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Peptic Ulcer

Description

Peptic ulcers can feel like indigestion, hunger pangs or heartburn and can be potentially dangerous. If you experience persistent symptoms then you should consult your GP.

The two main causes of peptic ulcers caused by a bacterium called Heliobacter pylori or the use of anti-rheumatic medicines, Non-Steroidal Anti-Inflammatory Drugs (NSAIDs) or aspirin.

Diagnosis of peptic ulcers is with the use of a gastroscopy, which involves taking a look at the lining of the gullet, stomach and duodenum with a small fibre-optic camera.

If a peptic ulcer is diagnosed there are different treatments depending on the cause. If the ulcer is caused by Heliobacter pylori it is treated by taking three different medicines. They are usually a proton pump inhibitor such as omeprazole or lansoprazole and two types of antibiotics such as amoxicillin, clarithromycin or metronizadole. In many cases, one week of treatment is sufficient. It is enough time to remove all the ulcer bacteria. In some cases, the wound is not fully healed and it is necessary to continue for a few weeks with further acid-inhibiting treatment.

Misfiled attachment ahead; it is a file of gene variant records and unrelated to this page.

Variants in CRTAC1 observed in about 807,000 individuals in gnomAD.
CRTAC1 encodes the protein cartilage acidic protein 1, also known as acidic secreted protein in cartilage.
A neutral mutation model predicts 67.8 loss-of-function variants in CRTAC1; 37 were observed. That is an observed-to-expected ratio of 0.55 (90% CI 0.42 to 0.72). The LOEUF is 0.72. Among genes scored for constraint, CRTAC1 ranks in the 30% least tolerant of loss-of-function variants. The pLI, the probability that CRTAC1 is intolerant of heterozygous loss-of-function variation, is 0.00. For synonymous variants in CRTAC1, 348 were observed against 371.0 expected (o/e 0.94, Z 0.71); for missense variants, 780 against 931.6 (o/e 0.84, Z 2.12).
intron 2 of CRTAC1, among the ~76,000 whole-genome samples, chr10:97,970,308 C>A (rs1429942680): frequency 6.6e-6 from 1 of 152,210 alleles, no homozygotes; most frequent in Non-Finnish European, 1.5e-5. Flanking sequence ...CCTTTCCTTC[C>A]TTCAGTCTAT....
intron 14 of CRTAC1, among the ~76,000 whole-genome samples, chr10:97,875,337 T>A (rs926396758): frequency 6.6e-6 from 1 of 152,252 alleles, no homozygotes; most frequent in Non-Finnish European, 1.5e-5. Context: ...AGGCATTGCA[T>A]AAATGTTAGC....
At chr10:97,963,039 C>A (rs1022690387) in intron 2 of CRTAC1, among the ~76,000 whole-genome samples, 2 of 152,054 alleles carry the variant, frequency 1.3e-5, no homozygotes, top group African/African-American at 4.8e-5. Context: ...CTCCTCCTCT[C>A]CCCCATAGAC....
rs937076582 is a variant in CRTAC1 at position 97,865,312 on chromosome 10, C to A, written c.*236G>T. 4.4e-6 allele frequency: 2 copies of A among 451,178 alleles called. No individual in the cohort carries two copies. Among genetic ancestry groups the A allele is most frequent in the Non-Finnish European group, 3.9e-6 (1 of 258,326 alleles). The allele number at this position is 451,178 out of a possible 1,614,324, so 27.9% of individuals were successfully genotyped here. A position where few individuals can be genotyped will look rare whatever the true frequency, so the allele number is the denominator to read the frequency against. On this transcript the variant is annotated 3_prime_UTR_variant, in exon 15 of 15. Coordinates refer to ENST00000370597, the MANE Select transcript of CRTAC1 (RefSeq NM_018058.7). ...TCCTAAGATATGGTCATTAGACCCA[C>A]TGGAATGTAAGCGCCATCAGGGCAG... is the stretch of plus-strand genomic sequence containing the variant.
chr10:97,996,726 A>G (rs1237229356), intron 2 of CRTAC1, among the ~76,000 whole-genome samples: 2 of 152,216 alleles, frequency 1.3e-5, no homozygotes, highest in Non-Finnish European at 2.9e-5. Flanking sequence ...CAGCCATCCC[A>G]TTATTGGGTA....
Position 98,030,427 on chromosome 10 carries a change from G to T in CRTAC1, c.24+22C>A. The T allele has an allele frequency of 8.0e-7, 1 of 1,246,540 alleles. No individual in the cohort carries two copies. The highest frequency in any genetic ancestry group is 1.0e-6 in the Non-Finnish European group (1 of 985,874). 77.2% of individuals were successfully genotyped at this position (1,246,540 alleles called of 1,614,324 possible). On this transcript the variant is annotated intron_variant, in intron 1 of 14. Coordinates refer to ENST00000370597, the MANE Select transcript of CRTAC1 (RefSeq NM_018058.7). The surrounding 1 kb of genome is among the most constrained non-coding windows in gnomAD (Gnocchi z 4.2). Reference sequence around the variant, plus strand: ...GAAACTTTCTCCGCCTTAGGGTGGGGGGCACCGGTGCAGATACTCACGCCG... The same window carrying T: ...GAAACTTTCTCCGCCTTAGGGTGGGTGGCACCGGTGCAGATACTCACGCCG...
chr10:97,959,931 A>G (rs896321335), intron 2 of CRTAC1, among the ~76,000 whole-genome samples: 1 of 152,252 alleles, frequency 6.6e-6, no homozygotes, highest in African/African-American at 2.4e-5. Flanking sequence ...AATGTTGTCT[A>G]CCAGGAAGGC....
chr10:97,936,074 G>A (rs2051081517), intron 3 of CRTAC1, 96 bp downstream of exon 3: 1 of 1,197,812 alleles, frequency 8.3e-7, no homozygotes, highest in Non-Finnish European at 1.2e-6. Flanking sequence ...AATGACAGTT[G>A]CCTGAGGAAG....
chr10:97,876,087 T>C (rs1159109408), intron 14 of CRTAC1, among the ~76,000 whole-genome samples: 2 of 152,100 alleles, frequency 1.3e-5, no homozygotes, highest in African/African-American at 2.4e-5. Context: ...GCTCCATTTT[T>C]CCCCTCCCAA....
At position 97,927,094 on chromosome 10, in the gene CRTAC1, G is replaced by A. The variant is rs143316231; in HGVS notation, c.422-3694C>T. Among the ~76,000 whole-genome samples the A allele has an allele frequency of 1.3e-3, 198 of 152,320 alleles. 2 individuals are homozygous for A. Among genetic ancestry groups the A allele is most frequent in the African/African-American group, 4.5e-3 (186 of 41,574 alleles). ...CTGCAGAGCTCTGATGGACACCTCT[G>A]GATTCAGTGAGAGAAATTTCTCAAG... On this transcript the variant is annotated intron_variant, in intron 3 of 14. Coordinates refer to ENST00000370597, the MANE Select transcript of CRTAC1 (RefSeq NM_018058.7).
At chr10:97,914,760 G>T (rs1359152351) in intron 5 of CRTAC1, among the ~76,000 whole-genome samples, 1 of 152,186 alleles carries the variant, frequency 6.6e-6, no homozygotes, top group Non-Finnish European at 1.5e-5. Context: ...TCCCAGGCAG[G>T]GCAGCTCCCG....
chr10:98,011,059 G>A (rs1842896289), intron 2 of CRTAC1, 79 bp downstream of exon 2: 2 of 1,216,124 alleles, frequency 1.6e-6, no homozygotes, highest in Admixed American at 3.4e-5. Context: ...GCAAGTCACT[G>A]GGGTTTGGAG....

Ulcers caused by aspirin or NSAIDs are treated differently. First of all, patients should stop taking these medicines, but ONLY if they have consulted their GP. Treatment is then with an H2 antagonist such as ranitidine or a proton pump inhibitor. The ulcer is usually examined again with a gastroscopy after six weeks.

Our Advice
  • Stop smoking.
  • Moderating alcohol intake.
  • If you need to take aspirin or ibuprofen take it after food.
  • Ulcer treatments can be complicated and our Pharmacist can advise on how to take your medication.
  • Our Pharmacist can advise on ways of reducing the risks of NSAIDs on the stomach.